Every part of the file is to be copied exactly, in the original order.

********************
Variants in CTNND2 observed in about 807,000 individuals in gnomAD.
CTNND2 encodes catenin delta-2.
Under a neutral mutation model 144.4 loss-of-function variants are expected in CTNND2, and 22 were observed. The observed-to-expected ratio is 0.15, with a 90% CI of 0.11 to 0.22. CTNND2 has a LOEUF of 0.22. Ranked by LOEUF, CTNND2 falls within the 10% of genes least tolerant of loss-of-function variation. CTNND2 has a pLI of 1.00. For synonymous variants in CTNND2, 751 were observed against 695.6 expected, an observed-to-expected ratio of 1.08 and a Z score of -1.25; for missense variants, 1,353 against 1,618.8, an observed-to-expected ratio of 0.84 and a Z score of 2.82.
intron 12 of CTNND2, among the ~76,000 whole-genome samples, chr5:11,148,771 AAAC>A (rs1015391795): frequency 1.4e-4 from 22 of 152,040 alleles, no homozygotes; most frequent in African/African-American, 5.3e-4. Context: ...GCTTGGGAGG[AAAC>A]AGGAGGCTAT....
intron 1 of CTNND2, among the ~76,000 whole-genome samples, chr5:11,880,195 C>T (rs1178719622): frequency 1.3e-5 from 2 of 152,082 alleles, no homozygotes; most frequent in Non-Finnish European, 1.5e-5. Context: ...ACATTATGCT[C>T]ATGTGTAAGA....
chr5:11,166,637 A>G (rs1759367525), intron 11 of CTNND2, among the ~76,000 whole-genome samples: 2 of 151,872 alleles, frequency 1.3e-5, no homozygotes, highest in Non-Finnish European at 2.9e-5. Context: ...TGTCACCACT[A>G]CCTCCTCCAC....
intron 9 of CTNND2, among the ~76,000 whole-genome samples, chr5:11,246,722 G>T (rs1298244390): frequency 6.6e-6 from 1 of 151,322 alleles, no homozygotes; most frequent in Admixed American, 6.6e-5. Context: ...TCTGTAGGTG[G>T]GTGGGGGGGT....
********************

Variants in CTNND2 observed in about 807,000 individuals in gnomAD.
CTNND2 encodes catenin delta-2.
Under a neutral mutation model 144.4 loss-of-function variants are expected in CTNND2, and 22 were observed. The observed-to-expected ratio is 0.15, with a 90% CI of 0.11 to 0.22. CTNND2 has a LOEUF of 0.22. Ranked by LOEUF, CTNND2 falls within the 10% of genes least tolerant of loss-of-function variation. CTNND2 has a pLI of 1.00. For synonymous variants in CTNND2, 751 were observed against 695.6 expected, an observed-to-expected ratio of 1.08 and a Z score of -1.25; for missense variants, 1,353 against 1,618.8, an observed-to-expected ratio of 0.84 and a Z score of 2.82.
intron 12 of CTNND2, among the ~76,000 whole-genome samples, chr5:11,148,771 AAAC>A (rs1015391795): frequency 1.4e-4 from 22 of 152,040 alleles, no homozygotes; most frequent in African/African-American, 5.3e-4. Context: ...GCTTGGGAGG[AAAC>A]AGGAGGCTAT....
intron 1 of CTNND2, among the ~76,000 whole-genome samples, chr5:11,880,195 C>T (rs1178719622): frequency 1.3e-5 from 2 of 152,082 alleles, no homozygotes; most frequent in Non-Finnish European, 1.5e-5. Context: ...ACATTATGCT[C>T]ATGTGTAAGA....
chr5:11,166,637 A>G (rs1759367525), intron 11 of CTNND2, among the ~76,000 whole-genome samples: 2 of 151,872 alleles, frequency 1.3e-5, no homozygotes, highest in Non-Finnish European at 2.9e-5. Context: ...TGTCACCACT[A>G]CCTCCTCCAC....
intron 9 of CTNND2, among the ~76,000 whole-genome samples, chr5:11,246,722 G>T (rs1298244390): frequency 6.6e-6 from 1 of 151,322 alleles, no homozygotes; most frequent in Admixed American, 6.6e-5. Context: ...TCTGTAGGTG[G>T]GTGGGGGGGT....